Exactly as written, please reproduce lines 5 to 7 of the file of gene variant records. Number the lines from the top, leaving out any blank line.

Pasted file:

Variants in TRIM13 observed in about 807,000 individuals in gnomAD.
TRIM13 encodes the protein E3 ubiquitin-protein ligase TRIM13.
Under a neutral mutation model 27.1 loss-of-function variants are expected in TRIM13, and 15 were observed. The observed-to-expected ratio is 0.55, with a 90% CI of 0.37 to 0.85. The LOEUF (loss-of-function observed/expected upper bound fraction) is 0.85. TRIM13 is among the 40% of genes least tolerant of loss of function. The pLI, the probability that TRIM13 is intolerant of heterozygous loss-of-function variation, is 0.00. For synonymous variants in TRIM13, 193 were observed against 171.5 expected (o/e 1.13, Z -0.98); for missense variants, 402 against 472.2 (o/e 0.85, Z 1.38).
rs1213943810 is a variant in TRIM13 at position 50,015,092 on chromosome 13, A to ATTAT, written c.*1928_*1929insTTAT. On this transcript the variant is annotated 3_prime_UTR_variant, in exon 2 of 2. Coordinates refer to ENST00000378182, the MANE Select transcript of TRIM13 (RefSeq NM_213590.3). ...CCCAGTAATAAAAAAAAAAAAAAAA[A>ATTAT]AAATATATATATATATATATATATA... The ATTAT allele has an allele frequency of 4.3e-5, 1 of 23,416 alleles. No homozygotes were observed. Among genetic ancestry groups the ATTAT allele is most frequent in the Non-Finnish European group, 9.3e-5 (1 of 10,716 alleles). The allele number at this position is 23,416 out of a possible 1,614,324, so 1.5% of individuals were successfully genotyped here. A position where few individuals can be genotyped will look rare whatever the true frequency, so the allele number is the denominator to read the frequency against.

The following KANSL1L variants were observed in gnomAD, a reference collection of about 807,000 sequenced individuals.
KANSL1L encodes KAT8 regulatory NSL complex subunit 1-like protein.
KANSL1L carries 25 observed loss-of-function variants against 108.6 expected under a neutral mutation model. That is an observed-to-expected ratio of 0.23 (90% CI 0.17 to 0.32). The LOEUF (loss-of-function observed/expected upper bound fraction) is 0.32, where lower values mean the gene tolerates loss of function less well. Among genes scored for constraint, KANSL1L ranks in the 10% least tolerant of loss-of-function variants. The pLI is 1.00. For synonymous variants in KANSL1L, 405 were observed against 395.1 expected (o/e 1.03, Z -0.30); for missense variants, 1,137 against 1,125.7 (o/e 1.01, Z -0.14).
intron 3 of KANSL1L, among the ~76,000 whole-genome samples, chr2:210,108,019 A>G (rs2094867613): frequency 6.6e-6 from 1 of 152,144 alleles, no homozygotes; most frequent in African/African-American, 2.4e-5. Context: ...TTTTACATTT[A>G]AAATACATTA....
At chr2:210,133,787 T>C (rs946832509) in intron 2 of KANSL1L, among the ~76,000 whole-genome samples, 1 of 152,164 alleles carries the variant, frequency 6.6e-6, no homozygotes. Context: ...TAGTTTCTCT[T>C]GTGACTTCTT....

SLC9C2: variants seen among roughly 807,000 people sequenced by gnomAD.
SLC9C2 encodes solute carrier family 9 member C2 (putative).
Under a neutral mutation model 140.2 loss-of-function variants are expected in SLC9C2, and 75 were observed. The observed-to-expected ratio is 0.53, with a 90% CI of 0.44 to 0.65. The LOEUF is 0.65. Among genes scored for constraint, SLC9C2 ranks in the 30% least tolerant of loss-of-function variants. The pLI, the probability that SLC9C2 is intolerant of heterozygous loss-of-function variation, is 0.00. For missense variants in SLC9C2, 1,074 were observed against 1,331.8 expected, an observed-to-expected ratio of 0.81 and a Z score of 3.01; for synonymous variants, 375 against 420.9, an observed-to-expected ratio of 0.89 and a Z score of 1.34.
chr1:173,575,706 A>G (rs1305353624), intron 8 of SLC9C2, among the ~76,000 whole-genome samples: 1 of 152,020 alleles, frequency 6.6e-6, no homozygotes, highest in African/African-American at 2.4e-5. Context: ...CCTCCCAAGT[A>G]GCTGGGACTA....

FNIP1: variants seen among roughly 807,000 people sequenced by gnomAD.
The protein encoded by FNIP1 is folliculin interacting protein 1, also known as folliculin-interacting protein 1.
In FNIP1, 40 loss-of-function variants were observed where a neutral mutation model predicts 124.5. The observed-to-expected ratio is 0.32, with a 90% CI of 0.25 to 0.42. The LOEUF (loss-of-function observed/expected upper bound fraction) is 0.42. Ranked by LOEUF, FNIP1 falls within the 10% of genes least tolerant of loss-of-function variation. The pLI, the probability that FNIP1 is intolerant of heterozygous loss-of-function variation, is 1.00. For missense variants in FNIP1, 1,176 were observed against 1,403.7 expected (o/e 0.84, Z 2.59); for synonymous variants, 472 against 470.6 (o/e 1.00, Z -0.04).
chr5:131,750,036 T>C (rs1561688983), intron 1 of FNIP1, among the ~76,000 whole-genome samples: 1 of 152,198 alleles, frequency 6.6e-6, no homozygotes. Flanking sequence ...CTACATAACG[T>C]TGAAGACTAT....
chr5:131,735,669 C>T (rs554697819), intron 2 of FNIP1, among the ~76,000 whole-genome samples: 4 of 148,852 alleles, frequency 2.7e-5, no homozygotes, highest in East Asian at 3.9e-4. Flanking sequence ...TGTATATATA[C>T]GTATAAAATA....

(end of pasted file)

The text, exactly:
The following KANSL1L variants were observed in gnomAD, a reference collection of about 807,000 sequenced individuals.
KANSL1L encodes KAT8 regulatory NSL complex subunit 1-like protein.
KANSL1L carries 25 observed loss-of-function variants against 108.6 expected under a neutral mutation model. That is an observed-to-expected ratio of 0.23 (90% CI 0.17 to 0.32). The LOEUF (loss-of-function observed/expected upper bound fraction) is 0.32, where lower values mean the gene tolerates loss of function less well. Among genes scored for constraint, KANSL1L ranks in the 10% least tolerant of loss-of-function variants. The pLI is 1.00. For synonymous variants in KANSL1L, 405 were observed against 395.1 expected (o/e 1.03, Z -0.30); for missense variants, 1,137 against 1,125.7 (o/e 1.01, Z -0.14).